- The Apostolic Advocate (Editor) (1834–39)
- The Herald of the Future Age (Editor) (1843–49)
- Herald of the Kingdom and Age to Come (Editor) (1851–61)
- Biographical Notes Archived 2010-09-05 at the Wayback Machine from Thomas' Elpis Israel
- Blore, Charles B. Dr John Thomas: His Family and the Background of his Times The distinctive family name "Bloy" comes from Blois in Normandy, and the Blois family settled in Norfolk in 1769.
- "The Destinies of the Cities, Countries, and Empires". Nottingham Mercury. Nottingham, UK. 13 July 1849.
- Booker, George. "The Modern Brethren". Who are the Christadelphians?. Retrieved 2007-07-12.
- Hyndman, Rob. "The Christadelphians (Brothers and Sisters in Christ): Introducing a Bible-based Community". Archived from the original on 2010-11-29. Retrieved 2011-01-01.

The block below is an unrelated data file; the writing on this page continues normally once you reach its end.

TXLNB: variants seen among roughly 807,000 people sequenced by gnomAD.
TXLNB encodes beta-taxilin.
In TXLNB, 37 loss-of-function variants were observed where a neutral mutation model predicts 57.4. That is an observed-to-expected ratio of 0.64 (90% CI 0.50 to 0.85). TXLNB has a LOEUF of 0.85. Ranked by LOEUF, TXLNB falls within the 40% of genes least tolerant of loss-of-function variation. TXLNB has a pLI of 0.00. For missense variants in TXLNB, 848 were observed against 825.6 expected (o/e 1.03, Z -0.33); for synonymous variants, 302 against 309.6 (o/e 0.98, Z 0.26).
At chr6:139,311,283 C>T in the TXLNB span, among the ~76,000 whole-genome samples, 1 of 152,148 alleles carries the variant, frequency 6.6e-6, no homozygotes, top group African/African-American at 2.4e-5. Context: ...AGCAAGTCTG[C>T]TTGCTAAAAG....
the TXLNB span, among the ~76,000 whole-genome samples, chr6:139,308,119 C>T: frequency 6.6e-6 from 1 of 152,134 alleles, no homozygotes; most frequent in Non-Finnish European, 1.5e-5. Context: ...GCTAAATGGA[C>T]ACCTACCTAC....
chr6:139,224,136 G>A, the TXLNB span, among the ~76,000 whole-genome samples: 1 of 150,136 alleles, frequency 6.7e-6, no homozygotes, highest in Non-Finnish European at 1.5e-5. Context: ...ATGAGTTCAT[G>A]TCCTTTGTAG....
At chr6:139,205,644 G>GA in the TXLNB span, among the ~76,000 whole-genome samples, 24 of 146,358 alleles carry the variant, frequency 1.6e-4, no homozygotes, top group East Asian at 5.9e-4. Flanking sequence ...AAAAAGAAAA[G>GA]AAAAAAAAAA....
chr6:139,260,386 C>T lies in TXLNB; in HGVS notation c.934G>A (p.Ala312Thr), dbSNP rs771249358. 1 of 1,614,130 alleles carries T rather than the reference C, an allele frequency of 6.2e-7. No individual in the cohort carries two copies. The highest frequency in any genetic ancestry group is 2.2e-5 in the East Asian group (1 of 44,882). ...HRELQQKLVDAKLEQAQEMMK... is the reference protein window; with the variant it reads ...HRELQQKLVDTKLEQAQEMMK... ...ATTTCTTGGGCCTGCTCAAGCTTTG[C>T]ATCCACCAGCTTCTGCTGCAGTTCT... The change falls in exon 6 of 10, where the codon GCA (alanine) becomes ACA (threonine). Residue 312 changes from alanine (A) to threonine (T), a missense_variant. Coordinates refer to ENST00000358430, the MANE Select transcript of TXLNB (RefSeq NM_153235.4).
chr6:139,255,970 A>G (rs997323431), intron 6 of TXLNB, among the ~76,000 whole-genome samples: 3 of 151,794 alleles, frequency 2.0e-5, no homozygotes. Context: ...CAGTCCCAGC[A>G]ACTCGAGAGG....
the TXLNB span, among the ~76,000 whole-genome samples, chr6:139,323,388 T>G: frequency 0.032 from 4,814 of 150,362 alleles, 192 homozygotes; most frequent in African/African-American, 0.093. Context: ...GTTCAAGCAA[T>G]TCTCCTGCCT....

- Pearce, Fred. "Who are the Christadelphians?". Archived from the original on 2010-03-04. Retrieved 2009-05-01.
- "Our history". Retrieved 2007-07-12.
- "Elpis Israel: Foreword to the 15th Edition". Elpis Israel. 2000. Archived from the original on 2010-09-05. Retrieved 2009-05-01.
- Crawford, Aleck. "A Christadelphian Answer to John Hutchinson". Archived from the original on 2007-08-08. Retrieved 2007-07-12.
- Robert, Roberts (1873). Dr Thomas: His Life and Works. Birmingham: The Christadelphian. p. ch. 59.
- Thomas, John (1920). The Book Unsealed: A Lecture On The Prophetic Periods of Daniel and John. Birmingham: The Christadelphian. Chart 3.
- Peter Hemingray, John Thomas, His Friends and His Faith (2003: ISBN 81-7887-012-6)
- Charles H. Lippy, The Christadelphians in North America (Lewiston/Queenston: Edwin Mellen Press, 1989).
- Robert Roberts, Dr Thomas: His Life and Work (Birmingham: The Christadelphian, 1873). Available online, AngelFire.com.
- Bryan R. Wilson, Sects and Society: A Sociological Study of the Elim Tabernacle, Christian Science and Christadelphians (London: Heinemann, 1961; Berkeley/Los Angeles: University of California Press, 1961).